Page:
Stage 3: Onboarding
This is where the workplace experience begins, whether on-site or remote. On an employee’s first day and in their initial weeks, they will gain a sense of the culture and get an overall feel for the company.
Nailing this stage of the employee experience is critical for setting them up for success in a way that makes them feel confident they’ve made the right decision to join your company.
Stage 4: Development
Career planning, learning and professional development are essential components of the employee engagement puzzle. When your team feels they are learning and growing in their role, they’re more likely to have a positive experience.
When learning and career growth are stunted, this is where they can begin to become disengaged — something you want to actively try and avoid.
Stage 5: Retention
Retention is often one of the hardest parts to get right when it comes to the employee experience. If you get it wrong, you run the risk of top talent walking out the door (and potentially into the open arms of a competitor).
In this stage, you need to focus on reward, recognition, career growth and engagement strategies to effectively retain your team of superstars.
If you nail the retention stage, you’ll create a team of high-performing, loyal contributors that will continue to go above and beyond in their role — AKA, the dream employee!
Pro tip: Check in on employee wellbeing with these employee wellbeing survey questions
Stage 6: Separation
When it comes to parting ways with an employee, the employee/employer relationship is often considered done and dusted once that resignation letter gets handed in. But it doesn’t (and shouldn’t) have to be this way.
When it comes to the end of tenure for an employee, it’s important you actively listen to their feedback from their exit interview. This can help you improve your employee experience so you can make things better for your current team.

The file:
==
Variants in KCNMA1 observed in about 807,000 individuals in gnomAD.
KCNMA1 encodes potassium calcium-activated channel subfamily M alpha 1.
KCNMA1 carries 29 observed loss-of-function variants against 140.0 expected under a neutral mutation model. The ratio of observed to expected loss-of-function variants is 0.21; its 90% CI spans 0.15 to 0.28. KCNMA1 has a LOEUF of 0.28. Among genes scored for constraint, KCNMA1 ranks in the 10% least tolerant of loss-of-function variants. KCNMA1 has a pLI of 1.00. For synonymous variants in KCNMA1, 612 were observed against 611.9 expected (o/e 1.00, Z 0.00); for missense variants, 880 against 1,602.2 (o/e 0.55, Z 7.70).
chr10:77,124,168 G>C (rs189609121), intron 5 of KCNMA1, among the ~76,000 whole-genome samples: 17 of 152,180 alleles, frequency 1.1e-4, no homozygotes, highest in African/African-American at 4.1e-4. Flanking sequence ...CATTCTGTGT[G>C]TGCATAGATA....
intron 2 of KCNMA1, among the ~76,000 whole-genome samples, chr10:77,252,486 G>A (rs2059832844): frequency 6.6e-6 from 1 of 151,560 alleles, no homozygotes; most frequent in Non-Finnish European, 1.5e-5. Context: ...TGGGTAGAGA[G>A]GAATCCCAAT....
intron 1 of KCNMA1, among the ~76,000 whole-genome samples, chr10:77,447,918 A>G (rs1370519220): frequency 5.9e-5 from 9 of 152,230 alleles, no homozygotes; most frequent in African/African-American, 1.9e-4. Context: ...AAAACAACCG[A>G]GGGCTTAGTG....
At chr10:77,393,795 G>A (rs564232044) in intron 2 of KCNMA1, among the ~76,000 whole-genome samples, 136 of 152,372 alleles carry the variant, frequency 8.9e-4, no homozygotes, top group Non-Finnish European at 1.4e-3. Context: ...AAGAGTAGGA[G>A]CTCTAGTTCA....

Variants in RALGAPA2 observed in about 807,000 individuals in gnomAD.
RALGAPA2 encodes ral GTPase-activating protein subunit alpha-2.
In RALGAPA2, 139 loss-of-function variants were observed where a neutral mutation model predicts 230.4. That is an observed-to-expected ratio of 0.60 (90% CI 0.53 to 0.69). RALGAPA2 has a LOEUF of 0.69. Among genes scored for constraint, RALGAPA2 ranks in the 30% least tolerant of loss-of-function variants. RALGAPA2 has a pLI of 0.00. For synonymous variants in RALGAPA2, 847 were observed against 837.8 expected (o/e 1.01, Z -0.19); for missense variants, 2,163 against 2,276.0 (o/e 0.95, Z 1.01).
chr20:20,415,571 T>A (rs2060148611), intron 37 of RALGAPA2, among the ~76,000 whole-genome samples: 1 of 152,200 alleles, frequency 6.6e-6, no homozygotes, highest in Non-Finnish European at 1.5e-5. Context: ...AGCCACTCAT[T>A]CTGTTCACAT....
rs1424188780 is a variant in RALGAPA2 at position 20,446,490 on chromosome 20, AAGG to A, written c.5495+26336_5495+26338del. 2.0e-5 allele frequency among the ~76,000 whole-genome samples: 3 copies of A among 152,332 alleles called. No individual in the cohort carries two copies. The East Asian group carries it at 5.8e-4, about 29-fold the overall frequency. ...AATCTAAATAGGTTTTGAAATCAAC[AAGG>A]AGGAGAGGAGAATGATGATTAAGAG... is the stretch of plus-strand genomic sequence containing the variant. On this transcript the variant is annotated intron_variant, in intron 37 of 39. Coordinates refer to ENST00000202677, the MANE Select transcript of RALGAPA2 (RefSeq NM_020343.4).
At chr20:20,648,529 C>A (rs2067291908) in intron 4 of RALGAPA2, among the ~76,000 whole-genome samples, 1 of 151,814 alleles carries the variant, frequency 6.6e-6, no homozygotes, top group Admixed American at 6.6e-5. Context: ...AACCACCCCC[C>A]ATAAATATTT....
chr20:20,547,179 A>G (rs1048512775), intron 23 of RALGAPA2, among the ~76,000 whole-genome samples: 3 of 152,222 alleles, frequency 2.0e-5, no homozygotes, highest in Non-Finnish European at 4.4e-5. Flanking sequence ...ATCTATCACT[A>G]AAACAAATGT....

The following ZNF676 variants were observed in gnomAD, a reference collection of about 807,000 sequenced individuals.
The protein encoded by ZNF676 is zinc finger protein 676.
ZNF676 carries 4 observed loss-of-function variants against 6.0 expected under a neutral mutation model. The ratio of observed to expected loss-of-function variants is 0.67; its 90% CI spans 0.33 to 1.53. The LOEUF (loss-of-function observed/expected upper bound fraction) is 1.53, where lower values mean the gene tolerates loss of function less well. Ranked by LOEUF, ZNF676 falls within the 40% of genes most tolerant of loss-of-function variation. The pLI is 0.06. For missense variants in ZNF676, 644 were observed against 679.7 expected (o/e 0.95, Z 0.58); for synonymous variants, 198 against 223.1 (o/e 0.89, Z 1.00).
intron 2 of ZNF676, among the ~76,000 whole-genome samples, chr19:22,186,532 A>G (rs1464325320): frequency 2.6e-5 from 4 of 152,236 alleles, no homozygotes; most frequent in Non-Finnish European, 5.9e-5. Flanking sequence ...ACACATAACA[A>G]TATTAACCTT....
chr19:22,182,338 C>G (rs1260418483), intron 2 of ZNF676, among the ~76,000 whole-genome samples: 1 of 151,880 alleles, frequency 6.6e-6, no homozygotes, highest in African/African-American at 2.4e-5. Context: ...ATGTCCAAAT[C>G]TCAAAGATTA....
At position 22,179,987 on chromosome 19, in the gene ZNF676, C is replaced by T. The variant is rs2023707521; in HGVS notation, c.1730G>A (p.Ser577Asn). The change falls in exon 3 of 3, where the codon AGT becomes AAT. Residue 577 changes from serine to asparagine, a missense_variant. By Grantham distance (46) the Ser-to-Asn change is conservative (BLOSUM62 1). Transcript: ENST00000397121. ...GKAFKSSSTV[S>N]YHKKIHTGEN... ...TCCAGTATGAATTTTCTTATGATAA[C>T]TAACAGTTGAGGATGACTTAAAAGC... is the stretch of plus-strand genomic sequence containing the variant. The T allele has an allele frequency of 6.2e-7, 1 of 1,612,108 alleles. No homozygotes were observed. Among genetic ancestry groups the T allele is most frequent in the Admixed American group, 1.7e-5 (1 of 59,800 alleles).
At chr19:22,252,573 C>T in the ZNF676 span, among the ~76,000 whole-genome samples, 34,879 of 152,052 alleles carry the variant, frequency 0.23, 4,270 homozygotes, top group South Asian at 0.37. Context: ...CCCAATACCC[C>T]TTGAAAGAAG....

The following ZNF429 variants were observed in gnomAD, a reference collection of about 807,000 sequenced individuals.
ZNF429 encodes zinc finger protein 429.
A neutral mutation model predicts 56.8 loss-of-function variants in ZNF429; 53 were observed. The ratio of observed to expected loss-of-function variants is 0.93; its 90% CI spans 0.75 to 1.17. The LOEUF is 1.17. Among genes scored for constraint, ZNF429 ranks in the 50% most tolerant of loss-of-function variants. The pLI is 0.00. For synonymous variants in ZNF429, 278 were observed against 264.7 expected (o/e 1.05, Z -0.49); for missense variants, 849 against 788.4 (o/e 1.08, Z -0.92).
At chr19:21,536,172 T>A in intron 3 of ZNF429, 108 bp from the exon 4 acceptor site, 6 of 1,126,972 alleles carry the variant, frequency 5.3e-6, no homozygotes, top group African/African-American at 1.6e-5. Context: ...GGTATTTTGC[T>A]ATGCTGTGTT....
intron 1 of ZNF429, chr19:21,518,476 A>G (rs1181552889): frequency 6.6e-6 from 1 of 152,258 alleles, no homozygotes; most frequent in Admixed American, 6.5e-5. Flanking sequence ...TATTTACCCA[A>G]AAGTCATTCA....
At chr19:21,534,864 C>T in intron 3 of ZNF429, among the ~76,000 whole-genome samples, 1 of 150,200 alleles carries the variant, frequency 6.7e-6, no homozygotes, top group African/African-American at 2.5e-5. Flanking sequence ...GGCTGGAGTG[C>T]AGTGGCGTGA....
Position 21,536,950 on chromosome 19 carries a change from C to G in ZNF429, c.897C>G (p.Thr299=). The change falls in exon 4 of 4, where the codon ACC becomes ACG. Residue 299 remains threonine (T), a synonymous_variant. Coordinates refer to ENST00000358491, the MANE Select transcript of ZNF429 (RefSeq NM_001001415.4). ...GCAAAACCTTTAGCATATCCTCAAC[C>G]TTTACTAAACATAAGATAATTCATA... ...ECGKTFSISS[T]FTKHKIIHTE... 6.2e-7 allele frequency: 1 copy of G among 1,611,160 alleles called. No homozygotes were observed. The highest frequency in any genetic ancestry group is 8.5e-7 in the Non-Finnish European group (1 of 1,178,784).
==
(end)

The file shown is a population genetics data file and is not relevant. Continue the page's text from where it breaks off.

Ready to put your thinking cap on think like a designer?
How to apply design thinking to employee experience
Before you get started, map the design thinking process to every aspect of the employee lifecycle. By doing this, you can get a thorough overview of what you need to improve. Not only this, it will keep you on track to achieve a well-rounded employee experience.
We know that many of you are new to the design thinking process, so we’ve included a running example throughout this blog, which we will mark with an🌟 EXAMPLE.
With this being said, you’re probably sitting there thinking “great, but where do I start?”.
It starts with research, which leads us to the first part of the process.
The first phase of design thinking is to understand the problem you’re trying to solve on an empathetic level. This forms the basis of the entire process, so it’s crucial to get this right.
If you’ve heard the team ‘customer-centric’ thrown around by designers, it just means to put customer satisfaction and customer experience first. Apply this thinking to your employees and be ’employee-centric’.
When it comes to designing the employee experience, this step involves getting employee feedback and finding out:
- Who your employees actually are
- What issues they’re currently experiencing
Find out what they enjoy, what they find difficult and what they believe would make the biggest difference to them at work.